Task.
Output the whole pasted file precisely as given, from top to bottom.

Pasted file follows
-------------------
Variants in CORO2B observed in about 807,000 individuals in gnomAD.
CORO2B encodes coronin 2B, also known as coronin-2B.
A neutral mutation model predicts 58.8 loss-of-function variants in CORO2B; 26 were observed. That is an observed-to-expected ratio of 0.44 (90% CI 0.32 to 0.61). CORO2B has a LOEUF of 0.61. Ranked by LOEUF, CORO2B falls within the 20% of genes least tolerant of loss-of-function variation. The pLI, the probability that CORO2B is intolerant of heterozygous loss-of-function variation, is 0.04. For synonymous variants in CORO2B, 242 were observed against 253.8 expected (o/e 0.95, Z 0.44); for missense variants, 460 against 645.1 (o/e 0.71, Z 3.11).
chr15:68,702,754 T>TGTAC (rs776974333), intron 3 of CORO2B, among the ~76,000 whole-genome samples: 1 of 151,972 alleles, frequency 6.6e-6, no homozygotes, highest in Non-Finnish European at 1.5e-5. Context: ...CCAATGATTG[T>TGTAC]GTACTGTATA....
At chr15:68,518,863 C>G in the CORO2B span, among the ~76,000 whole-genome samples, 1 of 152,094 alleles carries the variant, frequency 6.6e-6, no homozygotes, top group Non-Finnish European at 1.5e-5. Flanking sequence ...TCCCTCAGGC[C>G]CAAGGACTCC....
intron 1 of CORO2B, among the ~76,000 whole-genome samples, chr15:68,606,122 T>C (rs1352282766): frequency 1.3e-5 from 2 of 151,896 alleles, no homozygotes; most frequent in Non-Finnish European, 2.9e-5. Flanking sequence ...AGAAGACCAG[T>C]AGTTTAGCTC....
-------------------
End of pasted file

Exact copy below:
Variants in CORO2B observed in about 807,000 individuals in gnomAD.
CORO2B encodes coronin 2B, also known as coronin-2B.
A neutral mutation model predicts 58.8 loss-of-function variants in CORO2B; 26 were observed. That is an observed-to-expected ratio of 0.44 (90% CI 0.32 to 0.61). CORO2B has a LOEUF of 0.61. Ranked by LOEUF, CORO2B falls within the 20% of genes least tolerant of loss-of-function variation. The pLI, the probability that CORO2B is intolerant of heterozygous loss-of-function variation, is 0.04. For synonymous variants in CORO2B, 242 were observed against 253.8 expected (o/e 0.95, Z 0.44); for missense variants, 460 against 645.1 (o/e 0.71, Z 3.11).
chr15:68,702,754 T>TGTAC (rs776974333), intron 3 of CORO2B, among the ~76,000 whole-genome samples: 1 of 151,972 alleles, frequency 6.6e-6, no homozygotes, highest in Non-Finnish European at 1.5e-5. Context: ...CCAATGATTG[T>TGTAC]GTACTGTATA....
At chr15:68,518,863 C>G in the CORO2B span, among the ~76,000 whole-genome samples, 1 of 152,094 alleles carries the variant, frequency 6.6e-6, no homozygotes, top group Non-Finnish European at 1.5e-5. Flanking sequence ...TCCCTCAGGC[C>G]CAAGGACTCC....
intron 1 of CORO2B, among the ~76,000 whole-genome samples, chr15:68,606,122 T>C (rs1352282766): frequency 1.3e-5 from 2 of 151,896 alleles, no homozygotes; most frequent in Non-Finnish European, 2.9e-5. Flanking sequence ...AGAAGACCAG[T>C]AGTTTAGCTC....